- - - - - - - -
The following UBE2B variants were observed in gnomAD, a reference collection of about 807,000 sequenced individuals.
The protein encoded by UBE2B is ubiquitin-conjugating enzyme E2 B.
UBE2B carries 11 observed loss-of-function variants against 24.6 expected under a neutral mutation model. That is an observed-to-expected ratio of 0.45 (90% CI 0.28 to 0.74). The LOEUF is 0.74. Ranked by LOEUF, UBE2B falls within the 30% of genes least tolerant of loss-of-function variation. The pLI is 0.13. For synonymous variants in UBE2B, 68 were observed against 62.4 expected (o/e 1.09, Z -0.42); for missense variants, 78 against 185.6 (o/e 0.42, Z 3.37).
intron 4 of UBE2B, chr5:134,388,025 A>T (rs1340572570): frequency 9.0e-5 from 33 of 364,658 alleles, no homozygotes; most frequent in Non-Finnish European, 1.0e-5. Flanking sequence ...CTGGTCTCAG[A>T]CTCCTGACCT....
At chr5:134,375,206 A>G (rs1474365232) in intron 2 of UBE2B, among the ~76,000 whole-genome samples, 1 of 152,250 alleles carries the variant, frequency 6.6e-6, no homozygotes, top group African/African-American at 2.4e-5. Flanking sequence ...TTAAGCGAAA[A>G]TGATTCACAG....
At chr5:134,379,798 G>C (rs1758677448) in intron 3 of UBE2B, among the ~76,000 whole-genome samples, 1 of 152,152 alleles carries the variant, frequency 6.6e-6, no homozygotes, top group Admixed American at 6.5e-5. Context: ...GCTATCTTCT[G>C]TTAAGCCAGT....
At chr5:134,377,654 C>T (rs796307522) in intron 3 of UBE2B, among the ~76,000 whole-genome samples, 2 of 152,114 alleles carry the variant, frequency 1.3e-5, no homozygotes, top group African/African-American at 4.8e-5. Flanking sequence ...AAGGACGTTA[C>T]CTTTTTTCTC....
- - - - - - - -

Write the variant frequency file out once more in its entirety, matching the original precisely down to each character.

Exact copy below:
The following UBE2B variants were observed in gnomAD, a reference collection of about 807,000 sequenced individuals.
The protein encoded by UBE2B is ubiquitin-conjugating enzyme E2 B.
UBE2B carries 11 observed loss-of-function variants against 24.6 expected under a neutral mutation model. That is an observed-to-expected ratio of 0.45 (90% CI 0.28 to 0.74). The LOEUF is 0.74. Ranked by LOEUF, UBE2B falls within the 30% of genes least tolerant of loss-of-function variation. The pLI is 0.13. For synonymous variants in UBE2B, 68 were observed against 62.4 expected (o/e 1.09, Z -0.42); for missense variants, 78 against 185.6 (o/e 0.42, Z 3.37).
intron 4 of UBE2B, chr5:134,388,025 A>T (rs1340572570): frequency 9.0e-5 from 33 of 364,658 alleles, no homozygotes; most frequent in Non-Finnish European, 1.0e-5. Flanking sequence ...CTGGTCTCAG[A>T]CTCCTGACCT....
At chr5:134,375,206 A>G (rs1474365232) in intron 2 of UBE2B, among the ~76,000 whole-genome samples, 1 of 152,250 alleles carries the variant, frequency 6.6e-6, no homozygotes, top group African/African-American at 2.4e-5. Flanking sequence ...TTAAGCGAAA[A>G]TGATTCACAG....
At chr5:134,379,798 G>C (rs1758677448) in intron 3 of UBE2B, among the ~76,000 whole-genome samples, 1 of 152,152 alleles carries the variant, frequency 6.6e-6, no homozygotes, top group Admixed American at 6.5e-5. Context: ...GCTATCTTCT[G>C]TTAAGCCAGT....
At chr5:134,377,654 C>T (rs796307522) in intron 3 of UBE2B, among the ~76,000 whole-genome samples, 2 of 152,114 alleles carry the variant, frequency 1.3e-5, no homozygotes, top group African/African-American at 4.8e-5. Flanking sequence ...AAGGACGTTA[C>T]CTTTTTTCTC....